Border Report: How Money Laundering Works Along the Border - Voice of San Diego

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Border Report: How Money Laundering Works Along the Border

San Diego County’s Child Welfare Services plays a role in family separations, Haitians in Tijuana find their voice and more in our biweekly roundup of border news.

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A California subsidiary of Rabobank, a Netherlands-based financial institution, recently forfeited $368.7 million after it admitted to not investigating or reporting hundreds of millions of dollars in suspicious transactions that were likely linked to organized crime in Mexico. A plea agreement suggests the bank engaged in money laundering.

Assistant U.S. Attorney Daniel Silva, who prosecuted the case, said it was the largest forfeiture ever in the history of the Southern District of California, the federal court district that covers San Diego. Much of that money is going to local law enforcement in San Diego who helped investigate the case. The San Diego Police Department received $20.8 million, and the Chula Vista Police Department received $5.9 million — nearly 10 percent of that agency’s entire budget.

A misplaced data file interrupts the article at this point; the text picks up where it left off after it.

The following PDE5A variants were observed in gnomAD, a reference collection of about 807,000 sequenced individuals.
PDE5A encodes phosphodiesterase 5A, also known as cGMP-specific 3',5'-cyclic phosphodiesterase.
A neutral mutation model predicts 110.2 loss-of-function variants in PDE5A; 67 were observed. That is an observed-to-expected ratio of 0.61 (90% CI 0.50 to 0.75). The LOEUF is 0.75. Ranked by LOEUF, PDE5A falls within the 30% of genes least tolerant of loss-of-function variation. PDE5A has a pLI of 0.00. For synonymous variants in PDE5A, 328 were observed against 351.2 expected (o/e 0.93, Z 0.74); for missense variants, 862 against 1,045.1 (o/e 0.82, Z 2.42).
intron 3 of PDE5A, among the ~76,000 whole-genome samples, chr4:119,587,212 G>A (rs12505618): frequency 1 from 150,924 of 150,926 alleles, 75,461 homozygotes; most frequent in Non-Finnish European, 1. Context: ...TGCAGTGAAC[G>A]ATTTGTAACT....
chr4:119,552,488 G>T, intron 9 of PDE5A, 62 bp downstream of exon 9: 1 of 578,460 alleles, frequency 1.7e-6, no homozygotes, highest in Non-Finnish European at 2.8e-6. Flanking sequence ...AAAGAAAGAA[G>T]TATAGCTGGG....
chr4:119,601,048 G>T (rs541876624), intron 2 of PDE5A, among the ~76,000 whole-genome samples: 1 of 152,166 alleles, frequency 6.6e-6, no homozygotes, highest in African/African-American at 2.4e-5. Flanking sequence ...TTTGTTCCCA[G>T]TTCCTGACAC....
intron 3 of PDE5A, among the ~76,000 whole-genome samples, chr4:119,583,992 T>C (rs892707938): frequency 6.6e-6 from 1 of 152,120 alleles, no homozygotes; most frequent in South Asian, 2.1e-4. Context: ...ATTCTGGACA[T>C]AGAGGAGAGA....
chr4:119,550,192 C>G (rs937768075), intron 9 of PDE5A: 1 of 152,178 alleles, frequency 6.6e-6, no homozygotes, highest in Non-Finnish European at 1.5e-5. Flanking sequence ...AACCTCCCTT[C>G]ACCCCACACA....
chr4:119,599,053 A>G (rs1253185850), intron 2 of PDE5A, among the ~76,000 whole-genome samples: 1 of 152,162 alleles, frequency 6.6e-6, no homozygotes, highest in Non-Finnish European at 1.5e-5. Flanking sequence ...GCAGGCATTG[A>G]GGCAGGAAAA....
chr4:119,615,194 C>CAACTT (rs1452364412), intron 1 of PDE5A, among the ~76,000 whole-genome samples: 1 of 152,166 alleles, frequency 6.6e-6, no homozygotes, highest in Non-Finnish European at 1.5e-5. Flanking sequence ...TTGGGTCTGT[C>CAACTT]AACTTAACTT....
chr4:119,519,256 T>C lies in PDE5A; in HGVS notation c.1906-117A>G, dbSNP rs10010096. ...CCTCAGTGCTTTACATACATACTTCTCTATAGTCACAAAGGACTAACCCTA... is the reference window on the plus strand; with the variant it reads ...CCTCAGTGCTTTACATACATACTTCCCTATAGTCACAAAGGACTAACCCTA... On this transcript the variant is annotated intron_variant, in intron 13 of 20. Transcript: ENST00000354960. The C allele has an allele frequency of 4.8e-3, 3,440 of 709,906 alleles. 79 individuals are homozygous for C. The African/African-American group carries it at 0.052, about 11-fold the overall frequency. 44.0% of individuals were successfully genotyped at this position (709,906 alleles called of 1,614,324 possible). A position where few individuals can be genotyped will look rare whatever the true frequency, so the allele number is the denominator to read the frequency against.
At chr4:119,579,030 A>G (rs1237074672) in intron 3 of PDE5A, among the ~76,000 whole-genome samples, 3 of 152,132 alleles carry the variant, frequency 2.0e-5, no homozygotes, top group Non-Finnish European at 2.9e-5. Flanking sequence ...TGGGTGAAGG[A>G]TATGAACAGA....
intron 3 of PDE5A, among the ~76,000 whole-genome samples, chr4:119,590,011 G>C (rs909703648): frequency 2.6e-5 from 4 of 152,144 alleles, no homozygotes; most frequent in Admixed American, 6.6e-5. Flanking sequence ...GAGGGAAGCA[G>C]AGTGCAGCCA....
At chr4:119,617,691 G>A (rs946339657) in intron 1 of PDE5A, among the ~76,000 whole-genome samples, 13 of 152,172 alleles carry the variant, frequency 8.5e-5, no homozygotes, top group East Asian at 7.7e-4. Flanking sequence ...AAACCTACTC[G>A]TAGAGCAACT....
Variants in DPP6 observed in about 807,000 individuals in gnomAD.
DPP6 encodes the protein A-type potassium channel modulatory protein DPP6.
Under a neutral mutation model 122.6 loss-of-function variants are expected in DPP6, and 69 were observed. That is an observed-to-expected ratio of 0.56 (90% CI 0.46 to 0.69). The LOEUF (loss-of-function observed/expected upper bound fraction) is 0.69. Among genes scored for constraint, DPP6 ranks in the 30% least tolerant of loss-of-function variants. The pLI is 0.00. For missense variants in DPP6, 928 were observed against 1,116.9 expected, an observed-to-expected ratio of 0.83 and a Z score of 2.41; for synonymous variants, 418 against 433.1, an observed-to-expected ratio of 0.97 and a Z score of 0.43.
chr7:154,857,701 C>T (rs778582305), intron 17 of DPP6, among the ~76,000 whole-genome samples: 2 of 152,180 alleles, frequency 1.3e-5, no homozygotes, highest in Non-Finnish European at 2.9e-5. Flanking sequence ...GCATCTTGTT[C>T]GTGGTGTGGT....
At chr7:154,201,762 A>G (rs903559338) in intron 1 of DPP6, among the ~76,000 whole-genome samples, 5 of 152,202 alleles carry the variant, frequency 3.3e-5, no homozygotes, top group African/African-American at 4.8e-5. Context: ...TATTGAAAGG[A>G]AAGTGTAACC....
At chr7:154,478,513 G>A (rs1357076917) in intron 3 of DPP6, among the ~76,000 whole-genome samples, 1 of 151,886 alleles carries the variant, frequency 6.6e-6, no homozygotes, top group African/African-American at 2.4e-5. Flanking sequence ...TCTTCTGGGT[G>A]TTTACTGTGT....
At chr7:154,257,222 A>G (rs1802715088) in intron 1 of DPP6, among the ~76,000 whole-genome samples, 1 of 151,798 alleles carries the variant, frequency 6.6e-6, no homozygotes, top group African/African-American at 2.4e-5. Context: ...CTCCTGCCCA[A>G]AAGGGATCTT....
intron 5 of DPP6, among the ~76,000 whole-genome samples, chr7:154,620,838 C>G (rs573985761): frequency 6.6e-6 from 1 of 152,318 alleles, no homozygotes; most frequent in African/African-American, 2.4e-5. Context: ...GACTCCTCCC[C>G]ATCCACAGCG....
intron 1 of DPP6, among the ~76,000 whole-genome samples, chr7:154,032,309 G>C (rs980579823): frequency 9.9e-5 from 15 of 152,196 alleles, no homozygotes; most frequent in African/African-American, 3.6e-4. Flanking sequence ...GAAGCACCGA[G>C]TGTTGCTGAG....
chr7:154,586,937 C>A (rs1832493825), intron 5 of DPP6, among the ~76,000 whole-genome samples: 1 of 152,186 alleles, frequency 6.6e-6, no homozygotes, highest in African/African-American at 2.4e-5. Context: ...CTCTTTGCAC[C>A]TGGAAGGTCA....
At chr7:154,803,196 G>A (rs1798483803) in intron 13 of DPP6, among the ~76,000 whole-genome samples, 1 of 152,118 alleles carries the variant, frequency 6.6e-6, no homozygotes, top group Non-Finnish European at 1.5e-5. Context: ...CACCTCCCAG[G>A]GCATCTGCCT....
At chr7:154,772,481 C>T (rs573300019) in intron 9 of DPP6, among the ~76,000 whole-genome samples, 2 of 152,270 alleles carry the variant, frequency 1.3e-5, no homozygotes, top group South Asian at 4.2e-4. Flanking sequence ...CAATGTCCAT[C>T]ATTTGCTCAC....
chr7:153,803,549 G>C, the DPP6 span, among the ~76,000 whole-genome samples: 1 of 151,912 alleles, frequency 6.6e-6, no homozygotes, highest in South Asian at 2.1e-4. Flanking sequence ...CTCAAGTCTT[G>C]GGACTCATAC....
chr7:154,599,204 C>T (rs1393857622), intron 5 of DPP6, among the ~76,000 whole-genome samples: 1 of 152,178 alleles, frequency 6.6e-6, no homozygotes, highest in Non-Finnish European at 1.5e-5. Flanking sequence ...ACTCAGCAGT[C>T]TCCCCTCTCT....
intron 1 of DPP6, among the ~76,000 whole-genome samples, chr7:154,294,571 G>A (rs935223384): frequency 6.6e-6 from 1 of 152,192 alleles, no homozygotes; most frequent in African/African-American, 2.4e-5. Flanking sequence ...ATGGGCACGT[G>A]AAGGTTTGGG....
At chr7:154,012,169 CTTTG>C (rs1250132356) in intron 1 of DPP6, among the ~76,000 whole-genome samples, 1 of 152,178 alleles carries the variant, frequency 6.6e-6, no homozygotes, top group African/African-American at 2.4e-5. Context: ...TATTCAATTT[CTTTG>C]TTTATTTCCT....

I sat down with Silva and the IRS agent who led the investigation in the Rabobank case — but who asked not to be named because of other ongoing investigations — to talk about some bigger money laundering issues in the border region and how they go about combating them.

Money laundering is a broad term, and it includes all the ways people conceal money and profits that they’ve earned illegally. It can include bulk cash smuggling (imagine someone stuffing wads of bills in their clothes and bags and trying to sneak it across the border), the layering of cash deposits (placing money in different bank accounts and moving it around to make it seem like you earned money in a legal way, rather than just depositing a conspicuous $10 million sum), hiding the money in real estate and more.

“To launder money, you can get very creative,” Silva said. “It’s limitless.”

San Diego’s border with Mexico has some unique money laundering issues because of the illicit drug trade and other related criminal activity. Drug organizations in Mexico need to both get their profits back into Mexico, but also convert U.S. dollars into Mexican pesos to use the money they’ve earned.